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BACKGROUND AND AIMS: The widespread use of anti-tumour necrosis factor alpha antibody (Infliximab) in Crohn's disease (CD) raises concerns about a possible cancer risk in the long term. In a matched pair study, we assessed whether Infliximab is associated with an increased risk of neoplasia. METHODS: In a multicentre matched pair study, 404 CD patients treated with Infliximab (CD-IFX) were matched with 404 CD patients who had never received Infliximab (CD-C). Cases and controls were matched for sex, age (+/-5 years), site of CD, age at diagnosis (+/-5 years), immunosuppressant use, and follow up. New diagnoses of neoplasia from April 1999 to October 2004 were recorded. RESULTS: Among the 404 CD-IFX, neoplasia was diagnosed in nine patients (2.22%) while among the 404 CD-C, seven patients developed neoplasia (1.73%) (odds ratio 1.33 (95% confidence interval 0.46-3.84); p=0.40). The survival curve adjusted for patient year of follow up showed no differences between CD-IFX and CD-C (p=0.90; log rank test). In the CD-IFX group, there was one cholangiocarcinoma, three breast cancers, one skin cancer, one leukaemia, one laryngeal cancer, and two anal carcinomas. Among the 7/404 (1.73%) CD-C, there were three intestinal adenocarcinomas (two caecum, one rectum), one basalioma, one spinalioma, one non-Hodgkin's lymphoma, and one breast cancer. Age at diagnosis of neoplasia did not differ between groups (CD-IFX v CD-C: median 50 (range 40-70 years) v 45 (27-72); p=0.50). CONCLUSION: In our multicentre matched pair study, the frequency of a new diagnosis of neoplasia in CD patients treated with Infliximab was comparable with CD patients who had never received Infliximab.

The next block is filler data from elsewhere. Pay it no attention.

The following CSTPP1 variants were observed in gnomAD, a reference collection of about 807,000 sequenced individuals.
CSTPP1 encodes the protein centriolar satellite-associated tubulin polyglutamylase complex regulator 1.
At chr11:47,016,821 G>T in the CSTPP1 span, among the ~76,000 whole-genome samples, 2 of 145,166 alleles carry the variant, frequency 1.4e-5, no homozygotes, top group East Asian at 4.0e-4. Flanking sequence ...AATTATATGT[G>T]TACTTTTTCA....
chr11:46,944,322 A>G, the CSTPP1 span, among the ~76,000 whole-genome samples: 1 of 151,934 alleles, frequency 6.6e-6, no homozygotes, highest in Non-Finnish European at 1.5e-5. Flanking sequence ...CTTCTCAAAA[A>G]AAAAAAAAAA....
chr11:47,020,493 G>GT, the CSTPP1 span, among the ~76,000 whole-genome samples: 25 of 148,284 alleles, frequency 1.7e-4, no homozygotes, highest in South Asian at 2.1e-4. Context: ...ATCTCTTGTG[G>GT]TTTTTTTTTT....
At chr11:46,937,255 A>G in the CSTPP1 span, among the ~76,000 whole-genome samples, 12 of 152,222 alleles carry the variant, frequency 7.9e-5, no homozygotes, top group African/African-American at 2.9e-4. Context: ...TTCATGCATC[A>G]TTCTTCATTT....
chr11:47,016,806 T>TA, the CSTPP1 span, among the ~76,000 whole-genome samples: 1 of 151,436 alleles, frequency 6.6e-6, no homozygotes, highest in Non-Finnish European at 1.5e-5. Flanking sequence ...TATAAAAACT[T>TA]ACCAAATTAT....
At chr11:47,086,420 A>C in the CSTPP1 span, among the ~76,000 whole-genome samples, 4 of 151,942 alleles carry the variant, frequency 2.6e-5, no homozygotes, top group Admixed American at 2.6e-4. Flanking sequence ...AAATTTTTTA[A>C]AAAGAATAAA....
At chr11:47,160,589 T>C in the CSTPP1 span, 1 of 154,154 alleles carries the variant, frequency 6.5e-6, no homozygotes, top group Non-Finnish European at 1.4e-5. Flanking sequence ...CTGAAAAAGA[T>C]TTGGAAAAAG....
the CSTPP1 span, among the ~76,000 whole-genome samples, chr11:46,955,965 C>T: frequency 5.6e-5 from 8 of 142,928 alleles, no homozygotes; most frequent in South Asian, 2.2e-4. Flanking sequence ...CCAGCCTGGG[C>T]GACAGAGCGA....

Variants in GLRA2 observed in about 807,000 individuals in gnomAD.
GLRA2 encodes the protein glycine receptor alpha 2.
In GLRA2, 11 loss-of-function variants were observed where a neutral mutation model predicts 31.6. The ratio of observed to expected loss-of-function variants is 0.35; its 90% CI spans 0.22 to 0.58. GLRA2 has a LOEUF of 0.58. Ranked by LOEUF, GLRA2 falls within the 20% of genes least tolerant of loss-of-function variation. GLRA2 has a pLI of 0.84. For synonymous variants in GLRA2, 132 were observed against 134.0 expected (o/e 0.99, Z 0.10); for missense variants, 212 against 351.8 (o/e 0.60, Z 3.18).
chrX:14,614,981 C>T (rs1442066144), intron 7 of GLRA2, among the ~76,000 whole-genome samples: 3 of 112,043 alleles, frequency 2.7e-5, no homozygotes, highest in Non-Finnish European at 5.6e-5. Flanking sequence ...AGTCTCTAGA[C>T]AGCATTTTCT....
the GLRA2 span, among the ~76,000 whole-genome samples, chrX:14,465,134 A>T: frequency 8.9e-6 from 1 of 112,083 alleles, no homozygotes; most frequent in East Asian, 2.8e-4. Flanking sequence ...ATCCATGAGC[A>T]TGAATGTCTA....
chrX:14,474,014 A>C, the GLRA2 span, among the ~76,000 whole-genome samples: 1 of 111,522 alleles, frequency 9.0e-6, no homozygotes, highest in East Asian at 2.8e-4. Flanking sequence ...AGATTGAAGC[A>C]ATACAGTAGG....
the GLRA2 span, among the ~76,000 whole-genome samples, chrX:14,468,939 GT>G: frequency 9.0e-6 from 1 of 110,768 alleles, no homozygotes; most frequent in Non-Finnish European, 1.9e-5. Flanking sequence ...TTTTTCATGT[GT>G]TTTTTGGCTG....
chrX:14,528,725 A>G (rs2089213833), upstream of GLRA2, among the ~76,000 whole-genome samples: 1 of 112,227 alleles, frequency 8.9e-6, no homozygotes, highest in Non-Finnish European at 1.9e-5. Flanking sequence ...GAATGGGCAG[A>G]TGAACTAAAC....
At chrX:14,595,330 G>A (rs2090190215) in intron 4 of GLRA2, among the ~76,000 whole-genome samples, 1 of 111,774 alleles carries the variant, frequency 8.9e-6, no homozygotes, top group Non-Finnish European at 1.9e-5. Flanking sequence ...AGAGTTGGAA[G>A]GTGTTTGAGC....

Original publication

DOI

10.1136/gut.2005.075937

Type

Journal article

Journal

Gut

Publication Date

02/2006

Volume

55

Pages

228 - 233

Keywords

Adolescent, Adult, Age Factors, Aged, Aged, 80 and over, Antibodies, Monoclonal, Child, Crohn Disease, Epidemiologic Methods, Female, Gastrointestinal Agents, Humans, Infliximab, Male, Middle Aged, Neoplasms, Smoking, Tumor Necrosis Factor-alpha